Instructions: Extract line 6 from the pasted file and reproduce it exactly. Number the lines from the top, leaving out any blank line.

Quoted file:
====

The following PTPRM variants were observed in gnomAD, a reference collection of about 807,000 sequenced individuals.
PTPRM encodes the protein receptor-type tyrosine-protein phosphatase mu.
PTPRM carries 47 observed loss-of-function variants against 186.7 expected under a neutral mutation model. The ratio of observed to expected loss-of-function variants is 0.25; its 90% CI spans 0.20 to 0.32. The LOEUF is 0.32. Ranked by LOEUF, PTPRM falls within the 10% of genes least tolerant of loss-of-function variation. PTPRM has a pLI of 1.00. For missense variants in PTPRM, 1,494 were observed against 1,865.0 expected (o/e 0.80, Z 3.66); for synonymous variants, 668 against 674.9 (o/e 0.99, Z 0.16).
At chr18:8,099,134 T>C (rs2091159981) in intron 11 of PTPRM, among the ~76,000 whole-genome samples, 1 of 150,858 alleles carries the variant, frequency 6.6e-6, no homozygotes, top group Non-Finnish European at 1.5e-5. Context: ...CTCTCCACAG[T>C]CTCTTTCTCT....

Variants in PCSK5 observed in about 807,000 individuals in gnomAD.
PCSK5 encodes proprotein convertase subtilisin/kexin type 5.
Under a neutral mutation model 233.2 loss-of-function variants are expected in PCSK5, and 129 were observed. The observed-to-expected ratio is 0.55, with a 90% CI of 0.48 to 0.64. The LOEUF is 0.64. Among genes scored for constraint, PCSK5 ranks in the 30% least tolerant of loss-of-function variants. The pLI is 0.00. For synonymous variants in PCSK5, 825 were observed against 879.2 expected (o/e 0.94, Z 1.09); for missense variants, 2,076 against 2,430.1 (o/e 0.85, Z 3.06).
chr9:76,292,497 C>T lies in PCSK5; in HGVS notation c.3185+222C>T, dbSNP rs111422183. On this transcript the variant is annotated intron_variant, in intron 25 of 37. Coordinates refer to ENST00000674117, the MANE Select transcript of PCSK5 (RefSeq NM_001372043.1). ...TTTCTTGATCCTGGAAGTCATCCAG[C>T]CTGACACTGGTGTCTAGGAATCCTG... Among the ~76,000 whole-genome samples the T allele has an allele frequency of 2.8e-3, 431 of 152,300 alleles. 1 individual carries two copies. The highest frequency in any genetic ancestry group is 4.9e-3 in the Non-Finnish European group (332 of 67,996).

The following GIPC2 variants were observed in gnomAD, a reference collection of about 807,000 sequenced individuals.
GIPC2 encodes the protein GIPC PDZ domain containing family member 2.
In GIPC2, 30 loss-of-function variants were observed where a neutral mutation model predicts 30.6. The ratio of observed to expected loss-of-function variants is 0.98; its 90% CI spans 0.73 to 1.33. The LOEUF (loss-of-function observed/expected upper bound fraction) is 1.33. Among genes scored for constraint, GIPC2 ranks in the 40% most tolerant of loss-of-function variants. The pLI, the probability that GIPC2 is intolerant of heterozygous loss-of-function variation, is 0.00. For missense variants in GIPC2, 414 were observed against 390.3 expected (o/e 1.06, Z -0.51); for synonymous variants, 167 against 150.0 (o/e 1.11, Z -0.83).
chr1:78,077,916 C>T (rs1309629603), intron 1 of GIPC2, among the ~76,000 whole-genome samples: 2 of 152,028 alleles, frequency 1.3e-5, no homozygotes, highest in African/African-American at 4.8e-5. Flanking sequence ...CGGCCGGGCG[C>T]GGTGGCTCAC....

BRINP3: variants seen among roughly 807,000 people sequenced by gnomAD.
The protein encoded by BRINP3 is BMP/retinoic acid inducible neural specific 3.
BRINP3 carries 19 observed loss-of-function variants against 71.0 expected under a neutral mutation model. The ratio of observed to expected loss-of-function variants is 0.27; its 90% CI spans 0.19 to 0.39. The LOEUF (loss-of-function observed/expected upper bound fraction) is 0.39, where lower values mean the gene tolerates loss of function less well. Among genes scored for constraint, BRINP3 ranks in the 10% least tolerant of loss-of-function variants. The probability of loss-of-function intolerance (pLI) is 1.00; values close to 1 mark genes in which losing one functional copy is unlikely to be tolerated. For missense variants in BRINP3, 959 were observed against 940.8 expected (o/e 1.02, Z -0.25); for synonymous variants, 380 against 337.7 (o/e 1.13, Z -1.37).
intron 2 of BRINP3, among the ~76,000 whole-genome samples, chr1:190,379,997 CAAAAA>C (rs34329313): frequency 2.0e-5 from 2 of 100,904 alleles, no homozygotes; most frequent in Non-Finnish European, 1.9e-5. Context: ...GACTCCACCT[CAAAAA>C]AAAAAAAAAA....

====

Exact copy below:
PCSK5 encodes proprotein convertase subtilisin/kexin type 5.